Curatorial schools were quite competitive towards each other before, but I think that over the last few years we’ve been able to reach out to other schools to work collaboratively. One example is that we are currently working on a series of conferences in collaboration with the LUMA Foundation in Arles, and we are sharing the private resources we have with schools such as deAppel in Amsterdam, Central Saint Martins and Goldsmiths in London, as well as Valand in Gothenburg. By doing that we are trying to flip the competitive model on its head. The students that go to these courses have already made distinct choices. So the challenge is to make ourselves distinctive to attract students, but also bring everyone together to create a broader community.
The distinguishing factor for CSS Bard could maybe be that you have the Hessel Museum on your campus?
Yes, at the time when I took over there was a proposition to build an art space, and it already had a collection attached to it. I came in at a moment of crisis where the funding might be pulled, and my job was to secure this project. It wasn’t called a museum at the time, but calling it that forced certain things to happen. All of a sudden you had a school with a museum, and a museum with a school. There were challenges to the operation of the place – as there is after huge investments in new buildings, and also the donor had stipulated that the museum would only house the collection she intended to give to Bard.
Throughout the last ten years we’ve worked on integrating the museum and the collection with the educational programme. This has meant critically looking at how the course structure could use the collection as an asset.
Have you been able to maintain the integrity of both the museum and the education?
Throughout the years, we have been thinking about the support mechanisms in the school, so we have put in place researchers within our faculty, and we have emphasised and put resources towards the library and archive. We’ve just expanded the library, and it has grown from 10,000 to 30,000 volumes, connecting it also to our archives and collections storage.
Ultimately the goal has been to have the students make exhibitions on a regular basis on the basis of the collection and with invited artists, involving them in each aspect of exhibition making. They have to engage actively with the collection throughout their education.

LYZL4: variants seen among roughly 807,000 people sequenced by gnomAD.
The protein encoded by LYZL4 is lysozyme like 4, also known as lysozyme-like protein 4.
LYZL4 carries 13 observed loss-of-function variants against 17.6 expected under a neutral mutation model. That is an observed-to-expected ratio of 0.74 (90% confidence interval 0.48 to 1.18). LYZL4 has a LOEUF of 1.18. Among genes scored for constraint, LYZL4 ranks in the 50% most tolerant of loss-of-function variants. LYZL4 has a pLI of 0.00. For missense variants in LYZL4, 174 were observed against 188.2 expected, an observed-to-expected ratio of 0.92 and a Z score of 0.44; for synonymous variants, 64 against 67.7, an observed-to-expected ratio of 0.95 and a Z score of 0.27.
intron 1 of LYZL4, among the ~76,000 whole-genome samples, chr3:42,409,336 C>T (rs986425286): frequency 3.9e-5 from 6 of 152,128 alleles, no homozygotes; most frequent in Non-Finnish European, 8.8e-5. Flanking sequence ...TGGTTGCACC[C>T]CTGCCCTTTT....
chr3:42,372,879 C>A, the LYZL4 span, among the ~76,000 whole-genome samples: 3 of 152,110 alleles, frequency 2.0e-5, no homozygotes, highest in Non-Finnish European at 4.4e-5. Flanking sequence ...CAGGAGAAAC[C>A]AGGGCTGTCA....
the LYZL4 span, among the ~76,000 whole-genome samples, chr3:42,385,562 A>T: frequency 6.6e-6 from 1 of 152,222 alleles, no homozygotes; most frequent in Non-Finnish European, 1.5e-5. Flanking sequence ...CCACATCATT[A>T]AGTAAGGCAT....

The collection we have is idiosyncratic because it was built by an individual. We are still collecting, and the collection is influenced by the students as we usually buy one or two works from their exhibitions each year. They often look at and bring in works from their own generation, and the politics of the work they are looking at is the politics of today, obviously. So that’s a way of refreshing what we do.
Have any of your students criticised the relationship between the school and the museum?
I think all the students are critical, in a positive sense! I don’t think they are being educated into a system of private capital. I do think they are highly aware and in fact interrogate the conditions of the institution and the world in which they work, as they should. But paradoxically, the very private nature of the origins of our collection and the funding of the institution actually gives the students much greater freedom to experiment and in fact be critical. And we have resources that many other institutions don’t have. My attitude to that is “great, let’s use them”. And in terms of other U.S. museums we are probably the least instrumentalised by private capital.
Do the collection and the funding mechanisms of the school mean that your students get involved with the art market?
We are not encouraging the students to collaborate with private galleries. We don’t even include the sector of private galleries in the education. But, as you know, most of the important conversations in a college happen outside of the curriculum, and the art market would be part of the conversations I have with students and graduates outside of the classroom. Of course, we’ve had writer Suhail Malik with us for three years, and he is very interested in the market place and the role of art fairs. But he would approach it from a more socio-political/sociological/theoretical/economic standpoint than from the angle of “a practical guide to financing in the art world”. We are not training people to go into the art market. That’s a clear objective. We have a more theoretical and political impetus in our teaching. The “art world” has changed, and one has to adapt to that and at the same time keep a criticality and distance to it, too.
You mention that the course was out of sync with current artists’ working methods and curatorial practices when you arrived at Bard. Can you elaborate on the changes that you have observed?
The most obvious one is the acceleration of information and exchange via the Internet. This has its pros and cons. The Internet is now a primary research resource. It creates a certain culture that you need to counter or at least question.